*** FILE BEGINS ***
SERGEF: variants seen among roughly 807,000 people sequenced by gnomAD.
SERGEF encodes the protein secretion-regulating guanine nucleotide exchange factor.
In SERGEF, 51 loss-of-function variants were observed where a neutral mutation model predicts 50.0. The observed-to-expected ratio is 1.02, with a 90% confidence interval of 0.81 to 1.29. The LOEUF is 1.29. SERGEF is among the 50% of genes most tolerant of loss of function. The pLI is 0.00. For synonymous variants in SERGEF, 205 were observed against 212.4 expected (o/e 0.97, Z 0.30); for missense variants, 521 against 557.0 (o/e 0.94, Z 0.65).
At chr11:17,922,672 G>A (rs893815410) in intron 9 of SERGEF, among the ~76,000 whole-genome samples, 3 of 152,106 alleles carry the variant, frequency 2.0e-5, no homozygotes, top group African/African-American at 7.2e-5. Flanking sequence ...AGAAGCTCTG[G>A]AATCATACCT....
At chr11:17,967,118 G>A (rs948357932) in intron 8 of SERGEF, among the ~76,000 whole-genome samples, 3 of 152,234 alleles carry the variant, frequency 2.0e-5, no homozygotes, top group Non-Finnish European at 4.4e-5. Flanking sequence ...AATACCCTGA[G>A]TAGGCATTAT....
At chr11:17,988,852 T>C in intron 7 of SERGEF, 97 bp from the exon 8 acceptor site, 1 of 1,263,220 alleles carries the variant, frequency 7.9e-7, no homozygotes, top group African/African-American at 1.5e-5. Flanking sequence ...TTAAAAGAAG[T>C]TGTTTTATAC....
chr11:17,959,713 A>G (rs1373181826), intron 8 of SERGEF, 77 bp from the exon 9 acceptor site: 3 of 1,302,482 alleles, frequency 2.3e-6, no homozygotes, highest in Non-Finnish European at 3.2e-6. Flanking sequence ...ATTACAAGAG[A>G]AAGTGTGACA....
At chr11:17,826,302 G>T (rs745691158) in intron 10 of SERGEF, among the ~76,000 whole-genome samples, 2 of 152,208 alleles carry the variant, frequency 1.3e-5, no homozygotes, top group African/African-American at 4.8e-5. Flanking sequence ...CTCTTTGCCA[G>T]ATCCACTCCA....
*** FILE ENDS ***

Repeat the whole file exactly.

SERGEF: variants seen among roughly 807,000 people sequenced by gnomAD.
SERGEF encodes the protein secretion-regulating guanine nucleotide exchange factor.
In SERGEF, 51 loss-of-function variants were observed where a neutral mutation model predicts 50.0. The observed-to-expected ratio is 1.02, with a 90% confidence interval of 0.81 to 1.29. The LOEUF is 1.29. SERGEF is among the 50% of genes most tolerant of loss of function. The pLI is 0.00. For synonymous variants in SERGEF, 205 were observed against 212.4 expected (o/e 0.97, Z 0.30); for missense variants, 521 against 557.0 (o/e 0.94, Z 0.65).
At chr11:17,922,672 G>A (rs893815410) in intron 9 of SERGEF, among the ~76,000 whole-genome samples, 3 of 152,106 alleles carry the variant, frequency 2.0e-5, no homozygotes, top group African/African-American at 7.2e-5. Flanking sequence ...AGAAGCTCTG[G>A]AATCATACCT....
At chr11:17,967,118 G>A (rs948357932) in intron 8 of SERGEF, among the ~76,000 whole-genome samples, 3 of 152,234 alleles carry the variant, frequency 2.0e-5, no homozygotes, top group Non-Finnish European at 4.4e-5. Flanking sequence ...AATACCCTGA[G>A]TAGGCATTAT....
At chr11:17,988,852 T>C in intron 7 of SERGEF, 97 bp from the exon 8 acceptor site, 1 of 1,263,220 alleles carries the variant, frequency 7.9e-7, no homozygotes, top group African/African-American at 1.5e-5. Flanking sequence ...TTAAAAGAAG[T>C]TGTTTTATAC....
chr11:17,959,713 A>G (rs1373181826), intron 8 of SERGEF, 77 bp from the exon 9 acceptor site: 3 of 1,302,482 alleles, frequency 2.3e-6, no homozygotes, highest in Non-Finnish European at 3.2e-6. Flanking sequence ...ATTACAAGAG[A>G]AAGTGTGACA....
At chr11:17,826,302 G>T (rs745691158) in intron 10 of SERGEF, among the ~76,000 whole-genome samples, 2 of 152,208 alleles carry the variant, frequency 1.3e-5, no homozygotes, top group African/African-American at 4.8e-5. Flanking sequence ...CTCTTTGCCA[G>T]ATCCACTCCA....